MadlibsThe weird "Mad-Libs" title to this post is my reaction and query in response to this notable new AP report headlined "California 'lifers' leaving prison at record pace."  Here are the details:

Nearly 1,400 lifers in California's prisons have been released over the past three years in a sharp turnaround in a state where murderers and others sentenced to life with the possibility of parole almost never got out. Gov. Jerry Brown has granted parole to a record number of inmates with life sentences since he took office in January 2011, going along with parole board decisions about 82 percent of the time.

Brown's predecessor, Arnold Schwarzenegger, authorized the release of 557 lifers during his six-year term, sustaining the board at a 27 percent clip. Before that, Gov. Gray Davis over three years approved the release of two.

This dramatic shift in releases under Brown comes as the state grapples with court orders to ease a decades-long prison crowding crisis that has seen triple bunking, prison gyms turned into dormitories and inmates shipped out of state.

Crime victims and their advocates have said the releases are an injustice to the victims and that the parolees could pose a danger to the public. More than 80 percent of lifers are in prison for murder, while the remaining are mostly rapists and kidnappers.  "This is playing Russian roulette with public safety," said Christine Ward, executive director of the Crime Victims Action Alliance.  "This is a change of philosophy that can be dangerous."

The governor's office said the overcrowding crisis plays no role in the parole decisions. Rather, the governor's office said, each case is addressed individually and Brown is bound by court orders that require state officials to ease the stringent parole requirements that have dramatically increased the time murderers spend in prison.

Today, an inmate convicted of first-degree murders can expect to serve an average of 27 years -- almost twice what it was two decades ago before California became the fourth state to give governors the politically fraught final decision on lifer paroles.  Since then, the number of lifers has grown from 9,000 to 35,000 inmates, representing a quarter of the state prison population.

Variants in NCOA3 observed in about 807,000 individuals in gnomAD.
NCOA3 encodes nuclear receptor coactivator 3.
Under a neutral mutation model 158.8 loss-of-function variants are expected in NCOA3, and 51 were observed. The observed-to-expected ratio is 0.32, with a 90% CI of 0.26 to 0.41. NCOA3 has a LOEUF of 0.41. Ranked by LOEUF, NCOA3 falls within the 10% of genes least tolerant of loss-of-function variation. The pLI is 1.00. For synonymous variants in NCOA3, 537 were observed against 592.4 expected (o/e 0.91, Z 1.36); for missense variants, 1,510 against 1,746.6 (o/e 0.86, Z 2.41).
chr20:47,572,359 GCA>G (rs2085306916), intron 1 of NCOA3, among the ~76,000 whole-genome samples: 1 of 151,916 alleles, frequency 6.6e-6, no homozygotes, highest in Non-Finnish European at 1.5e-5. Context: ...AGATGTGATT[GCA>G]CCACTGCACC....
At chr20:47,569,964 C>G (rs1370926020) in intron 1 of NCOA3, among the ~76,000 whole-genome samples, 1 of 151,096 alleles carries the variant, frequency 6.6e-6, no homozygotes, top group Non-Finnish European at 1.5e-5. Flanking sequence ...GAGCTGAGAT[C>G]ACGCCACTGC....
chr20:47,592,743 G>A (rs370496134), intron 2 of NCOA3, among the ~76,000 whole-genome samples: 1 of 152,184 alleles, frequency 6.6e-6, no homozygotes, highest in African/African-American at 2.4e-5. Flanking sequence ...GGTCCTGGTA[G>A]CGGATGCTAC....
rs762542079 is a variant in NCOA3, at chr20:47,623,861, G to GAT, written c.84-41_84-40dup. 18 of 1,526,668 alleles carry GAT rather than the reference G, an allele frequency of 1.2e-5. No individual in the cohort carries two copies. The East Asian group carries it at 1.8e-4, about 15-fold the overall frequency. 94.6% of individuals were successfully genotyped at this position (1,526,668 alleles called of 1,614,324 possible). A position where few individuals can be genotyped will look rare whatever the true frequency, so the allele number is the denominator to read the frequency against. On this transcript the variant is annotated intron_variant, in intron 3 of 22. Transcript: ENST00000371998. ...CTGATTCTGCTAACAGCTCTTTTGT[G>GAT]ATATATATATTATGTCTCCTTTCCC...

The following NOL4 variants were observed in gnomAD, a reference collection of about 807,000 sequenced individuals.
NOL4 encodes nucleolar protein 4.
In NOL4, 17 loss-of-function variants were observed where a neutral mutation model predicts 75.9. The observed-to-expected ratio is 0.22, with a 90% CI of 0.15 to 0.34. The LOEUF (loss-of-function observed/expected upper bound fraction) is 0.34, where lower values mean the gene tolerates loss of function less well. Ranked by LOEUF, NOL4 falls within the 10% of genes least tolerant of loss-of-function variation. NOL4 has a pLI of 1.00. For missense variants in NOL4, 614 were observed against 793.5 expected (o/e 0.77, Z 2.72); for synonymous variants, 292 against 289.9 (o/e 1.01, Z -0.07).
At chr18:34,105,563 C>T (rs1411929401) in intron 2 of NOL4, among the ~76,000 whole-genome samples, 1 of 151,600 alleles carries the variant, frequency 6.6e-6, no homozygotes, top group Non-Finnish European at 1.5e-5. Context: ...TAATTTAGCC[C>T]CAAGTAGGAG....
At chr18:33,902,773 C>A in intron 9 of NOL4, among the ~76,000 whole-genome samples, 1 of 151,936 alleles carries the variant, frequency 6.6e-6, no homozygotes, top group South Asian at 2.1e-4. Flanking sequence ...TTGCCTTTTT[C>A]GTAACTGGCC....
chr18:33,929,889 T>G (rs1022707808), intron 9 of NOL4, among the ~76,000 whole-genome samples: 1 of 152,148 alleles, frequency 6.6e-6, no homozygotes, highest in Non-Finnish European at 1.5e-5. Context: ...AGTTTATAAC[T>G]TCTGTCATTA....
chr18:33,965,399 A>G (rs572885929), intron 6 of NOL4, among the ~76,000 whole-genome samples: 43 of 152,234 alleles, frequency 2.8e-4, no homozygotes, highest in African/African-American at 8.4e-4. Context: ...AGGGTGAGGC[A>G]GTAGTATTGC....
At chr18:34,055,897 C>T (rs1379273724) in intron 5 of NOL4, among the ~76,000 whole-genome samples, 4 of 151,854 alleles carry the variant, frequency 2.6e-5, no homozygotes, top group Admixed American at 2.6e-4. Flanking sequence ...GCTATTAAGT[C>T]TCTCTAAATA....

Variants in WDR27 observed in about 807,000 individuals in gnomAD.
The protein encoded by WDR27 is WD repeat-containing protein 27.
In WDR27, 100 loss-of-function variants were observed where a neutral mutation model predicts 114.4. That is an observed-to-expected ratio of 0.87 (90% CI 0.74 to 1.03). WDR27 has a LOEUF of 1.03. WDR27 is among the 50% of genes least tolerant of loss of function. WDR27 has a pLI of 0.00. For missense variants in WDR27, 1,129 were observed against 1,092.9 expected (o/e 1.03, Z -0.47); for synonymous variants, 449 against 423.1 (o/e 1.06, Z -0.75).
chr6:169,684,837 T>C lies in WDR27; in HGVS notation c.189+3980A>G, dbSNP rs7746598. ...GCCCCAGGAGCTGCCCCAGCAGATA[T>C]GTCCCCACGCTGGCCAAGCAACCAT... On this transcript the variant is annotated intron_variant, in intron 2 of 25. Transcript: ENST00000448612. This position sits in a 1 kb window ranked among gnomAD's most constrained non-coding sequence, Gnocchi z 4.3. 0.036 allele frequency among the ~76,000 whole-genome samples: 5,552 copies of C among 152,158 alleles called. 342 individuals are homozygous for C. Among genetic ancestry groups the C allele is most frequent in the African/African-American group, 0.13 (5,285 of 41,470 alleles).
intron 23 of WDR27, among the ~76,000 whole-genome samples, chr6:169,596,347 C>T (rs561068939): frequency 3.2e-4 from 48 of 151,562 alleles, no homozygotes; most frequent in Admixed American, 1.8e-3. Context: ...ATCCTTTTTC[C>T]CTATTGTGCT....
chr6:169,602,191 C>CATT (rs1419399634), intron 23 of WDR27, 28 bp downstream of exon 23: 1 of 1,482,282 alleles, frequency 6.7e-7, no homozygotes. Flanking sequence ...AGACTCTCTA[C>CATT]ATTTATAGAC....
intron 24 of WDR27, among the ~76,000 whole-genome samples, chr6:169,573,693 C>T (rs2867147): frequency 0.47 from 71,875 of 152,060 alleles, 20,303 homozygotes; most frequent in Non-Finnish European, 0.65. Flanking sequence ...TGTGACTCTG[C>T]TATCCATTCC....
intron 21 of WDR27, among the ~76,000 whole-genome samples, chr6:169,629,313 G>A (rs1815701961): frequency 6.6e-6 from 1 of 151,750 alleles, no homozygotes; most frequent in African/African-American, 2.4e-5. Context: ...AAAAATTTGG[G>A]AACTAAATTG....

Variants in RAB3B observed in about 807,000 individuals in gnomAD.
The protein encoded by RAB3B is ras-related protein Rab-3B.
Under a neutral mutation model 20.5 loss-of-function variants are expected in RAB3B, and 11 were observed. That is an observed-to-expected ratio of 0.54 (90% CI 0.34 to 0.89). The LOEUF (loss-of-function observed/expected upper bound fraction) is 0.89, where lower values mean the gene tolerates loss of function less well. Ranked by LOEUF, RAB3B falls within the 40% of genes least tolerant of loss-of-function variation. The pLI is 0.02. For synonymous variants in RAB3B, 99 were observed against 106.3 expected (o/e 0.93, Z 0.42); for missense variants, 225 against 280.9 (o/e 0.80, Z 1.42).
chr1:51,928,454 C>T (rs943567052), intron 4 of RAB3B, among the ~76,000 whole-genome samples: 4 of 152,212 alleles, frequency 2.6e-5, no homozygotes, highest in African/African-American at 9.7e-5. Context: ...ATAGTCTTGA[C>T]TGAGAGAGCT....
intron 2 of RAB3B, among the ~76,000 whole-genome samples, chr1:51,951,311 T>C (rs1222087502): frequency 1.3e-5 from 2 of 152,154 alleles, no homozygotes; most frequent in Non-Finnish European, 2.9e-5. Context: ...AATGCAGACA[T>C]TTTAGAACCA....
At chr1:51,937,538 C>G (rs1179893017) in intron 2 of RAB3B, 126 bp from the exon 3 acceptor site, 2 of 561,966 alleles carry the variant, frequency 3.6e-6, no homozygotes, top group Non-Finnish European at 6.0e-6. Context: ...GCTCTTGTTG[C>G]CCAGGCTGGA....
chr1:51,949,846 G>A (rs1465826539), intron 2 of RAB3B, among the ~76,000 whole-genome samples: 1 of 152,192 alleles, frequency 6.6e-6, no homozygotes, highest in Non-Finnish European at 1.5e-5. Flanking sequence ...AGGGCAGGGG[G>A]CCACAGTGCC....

But two seminal California Supreme Court rulings in 2008 have significantly eased tough parole restrictions.  The court ordered prison officials to consider more than the severity of the applicant's underlying crimes.  It ruled that inmates' records while incarcerated plus their volunteer work should count heavily in assessing early release.

State figures show that since the rulings, the board has granted parole to nearly 3,000 lifers, including 590 last year and a record 670 in 2012.  In the three decades prior to the 2008 rulings, only about 1,800 such prisoners were granted parole.

Davis allowed only two inmates released out of 232 board decisions granting parole between 1999 and 2002. Schwarzenegger sustained the board at a 27 percent clip during his seven years in office when he was presented with 2,050 paroles granted by the board. Brown has allowed 82 percent of the 1,590 paroles granted by the board.

Brown's office says he is operating under a different legal landscape than previous governors, and that he is following court rulings and a 23-year-old state law that gave governors the power to block paroles of lifers who the state board found suitable for release....

Gov. Pete Wilson, the first governor vested with veto power, used it sparingly, though the parole board was approving just a few dozen paroles a year compared with the hundreds the board has been approving in recent years.  Between 1991 and when he left office in January 1999, he approved 115 of the 171, or 67 percent, of the lifers the board found suitable for release....